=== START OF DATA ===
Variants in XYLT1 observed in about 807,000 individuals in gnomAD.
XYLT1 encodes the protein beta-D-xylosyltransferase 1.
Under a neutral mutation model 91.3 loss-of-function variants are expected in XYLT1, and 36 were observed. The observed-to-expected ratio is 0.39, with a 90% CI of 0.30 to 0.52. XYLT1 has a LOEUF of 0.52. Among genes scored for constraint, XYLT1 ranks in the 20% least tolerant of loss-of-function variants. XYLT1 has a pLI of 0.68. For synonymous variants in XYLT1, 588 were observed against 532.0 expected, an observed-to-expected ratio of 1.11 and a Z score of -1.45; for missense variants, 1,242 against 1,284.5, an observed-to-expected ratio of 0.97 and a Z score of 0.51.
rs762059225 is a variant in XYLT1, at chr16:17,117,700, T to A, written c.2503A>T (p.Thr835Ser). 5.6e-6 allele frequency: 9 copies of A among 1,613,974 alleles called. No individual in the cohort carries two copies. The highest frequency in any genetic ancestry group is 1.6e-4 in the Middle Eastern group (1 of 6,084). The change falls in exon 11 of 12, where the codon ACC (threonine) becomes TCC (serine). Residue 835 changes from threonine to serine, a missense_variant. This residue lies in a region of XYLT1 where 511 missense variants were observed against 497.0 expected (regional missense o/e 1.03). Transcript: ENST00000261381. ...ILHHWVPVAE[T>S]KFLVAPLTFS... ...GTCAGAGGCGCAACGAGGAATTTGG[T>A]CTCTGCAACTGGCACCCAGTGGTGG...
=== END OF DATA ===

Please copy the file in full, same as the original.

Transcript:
Variants in XYLT1 observed in about 807,000 individuals in gnomAD.
XYLT1 encodes the protein beta-D-xylosyltransferase 1.
Under a neutral mutation model 91.3 loss-of-function variants are expected in XYLT1, and 36 were observed. The observed-to-expected ratio is 0.39, with a 90% CI of 0.30 to 0.52. XYLT1 has a LOEUF of 0.52. Among genes scored for constraint, XYLT1 ranks in the 20% least tolerant of loss-of-function variants. XYLT1 has a pLI of 0.68. For synonymous variants in XYLT1, 588 were observed against 532.0 expected, an observed-to-expected ratio of 1.11 and a Z score of -1.45; for missense variants, 1,242 against 1,284.5, an observed-to-expected ratio of 0.97 and a Z score of 0.51.
rs762059225 is a variant in XYLT1, at chr16:17,117,700, T to A, written c.2503A>T (p.Thr835Ser). 5.6e-6 allele frequency: 9 copies of A among 1,613,974 alleles called. No individual in the cohort carries two copies. The highest frequency in any genetic ancestry group is 1.6e-4 in the Middle Eastern group (1 of 6,084). The change falls in exon 11 of 12, where the codon ACC (threonine) becomes TCC (serine). Residue 835 changes from threonine to serine, a missense_variant. This residue lies in a region of XYLT1 where 511 missense variants were observed against 497.0 expected (regional missense o/e 1.03). Transcript: ENST00000261381. ...ILHHWVPVAE[T>S]KFLVAPLTFS... ...GTCAGAGGCGCAACGAGGAATTTGG[T>A]CTCTGCAACTGGCACCCAGTGGTGG...